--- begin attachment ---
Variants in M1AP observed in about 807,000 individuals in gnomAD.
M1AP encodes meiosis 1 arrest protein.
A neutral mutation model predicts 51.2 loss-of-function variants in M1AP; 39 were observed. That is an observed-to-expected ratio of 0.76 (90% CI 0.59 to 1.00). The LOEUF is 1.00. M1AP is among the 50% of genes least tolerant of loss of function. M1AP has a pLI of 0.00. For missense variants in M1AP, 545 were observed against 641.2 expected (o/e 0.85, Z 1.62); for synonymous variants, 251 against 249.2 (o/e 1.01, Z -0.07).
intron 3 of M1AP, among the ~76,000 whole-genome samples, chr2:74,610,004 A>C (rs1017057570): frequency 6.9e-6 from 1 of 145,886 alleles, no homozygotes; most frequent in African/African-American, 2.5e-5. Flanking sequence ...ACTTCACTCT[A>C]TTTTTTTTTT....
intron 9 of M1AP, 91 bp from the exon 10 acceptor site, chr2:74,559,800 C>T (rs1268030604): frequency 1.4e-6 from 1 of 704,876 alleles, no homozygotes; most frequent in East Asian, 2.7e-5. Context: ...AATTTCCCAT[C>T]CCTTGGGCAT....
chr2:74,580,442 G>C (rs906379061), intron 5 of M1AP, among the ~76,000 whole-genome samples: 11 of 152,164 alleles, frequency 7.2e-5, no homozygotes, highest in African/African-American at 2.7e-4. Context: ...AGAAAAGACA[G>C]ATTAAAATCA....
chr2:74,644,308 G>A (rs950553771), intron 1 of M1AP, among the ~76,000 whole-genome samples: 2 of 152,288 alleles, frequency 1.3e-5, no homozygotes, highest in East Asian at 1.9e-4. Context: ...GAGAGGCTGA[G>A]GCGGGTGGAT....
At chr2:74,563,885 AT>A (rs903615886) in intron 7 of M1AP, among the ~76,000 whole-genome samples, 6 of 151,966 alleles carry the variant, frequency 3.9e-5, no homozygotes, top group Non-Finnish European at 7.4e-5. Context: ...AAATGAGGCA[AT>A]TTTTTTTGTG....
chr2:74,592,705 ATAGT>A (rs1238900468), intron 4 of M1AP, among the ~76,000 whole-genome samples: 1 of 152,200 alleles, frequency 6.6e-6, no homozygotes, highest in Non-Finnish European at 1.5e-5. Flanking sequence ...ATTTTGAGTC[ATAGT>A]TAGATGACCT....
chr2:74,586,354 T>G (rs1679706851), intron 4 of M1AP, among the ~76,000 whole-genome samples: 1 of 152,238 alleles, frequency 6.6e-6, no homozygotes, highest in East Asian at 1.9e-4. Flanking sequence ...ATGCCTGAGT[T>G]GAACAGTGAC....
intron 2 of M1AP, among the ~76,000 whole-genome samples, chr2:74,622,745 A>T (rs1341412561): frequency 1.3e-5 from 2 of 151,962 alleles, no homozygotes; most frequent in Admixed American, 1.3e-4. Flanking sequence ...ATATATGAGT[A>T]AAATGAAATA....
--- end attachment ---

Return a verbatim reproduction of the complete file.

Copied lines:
Variants in M1AP observed in about 807,000 individuals in gnomAD.
M1AP encodes meiosis 1 arrest protein.
A neutral mutation model predicts 51.2 loss-of-function variants in M1AP; 39 were observed. That is an observed-to-expected ratio of 0.76 (90% CI 0.59 to 1.00). The LOEUF is 1.00. M1AP is among the 50% of genes least tolerant of loss of function. M1AP has a pLI of 0.00. For missense variants in M1AP, 545 were observed against 641.2 expected (o/e 0.85, Z 1.62); for synonymous variants, 251 against 249.2 (o/e 1.01, Z -0.07).
intron 3 of M1AP, among the ~76,000 whole-genome samples, chr2:74,610,004 A>C (rs1017057570): frequency 6.9e-6 from 1 of 145,886 alleles, no homozygotes; most frequent in African/African-American, 2.5e-5. Flanking sequence ...ACTTCACTCT[A>C]TTTTTTTTTT....
intron 9 of M1AP, 91 bp from the exon 10 acceptor site, chr2:74,559,800 C>T (rs1268030604): frequency 1.4e-6 from 1 of 704,876 alleles, no homozygotes; most frequent in East Asian, 2.7e-5. Context: ...AATTTCCCAT[C>T]CCTTGGGCAT....
chr2:74,580,442 G>C (rs906379061), intron 5 of M1AP, among the ~76,000 whole-genome samples: 11 of 152,164 alleles, frequency 7.2e-5, no homozygotes, highest in African/African-American at 2.7e-4. Context: ...AGAAAAGACA[G>C]ATTAAAATCA....
chr2:74,644,308 G>A (rs950553771), intron 1 of M1AP, among the ~76,000 whole-genome samples: 2 of 152,288 alleles, frequency 1.3e-5, no homozygotes, highest in East Asian at 1.9e-4. Context: ...GAGAGGCTGA[G>A]GCGGGTGGAT....
At chr2:74,563,885 AT>A (rs903615886) in intron 7 of M1AP, among the ~76,000 whole-genome samples, 6 of 151,966 alleles carry the variant, frequency 3.9e-5, no homozygotes, top group Non-Finnish European at 7.4e-5. Context: ...AAATGAGGCA[AT>A]TTTTTTTGTG....
chr2:74,592,705 ATAGT>A (rs1238900468), intron 4 of M1AP, among the ~76,000 whole-genome samples: 1 of 152,200 alleles, frequency 6.6e-6, no homozygotes, highest in Non-Finnish European at 1.5e-5. Flanking sequence ...ATTTTGAGTC[ATAGT>A]TAGATGACCT....
chr2:74,586,354 T>G (rs1679706851), intron 4 of M1AP, among the ~76,000 whole-genome samples: 1 of 152,238 alleles, frequency 6.6e-6, no homozygotes, highest in East Asian at 1.9e-4. Flanking sequence ...ATGCCTGAGT[T>G]GAACAGTGAC....
intron 2 of M1AP, among the ~76,000 whole-genome samples, chr2:74,622,745 A>T (rs1341412561): frequency 1.3e-5 from 2 of 151,962 alleles, no homozygotes; most frequent in Admixed American, 1.3e-4. Flanking sequence ...ATATATGAGT[A>T]AAATGAAATA....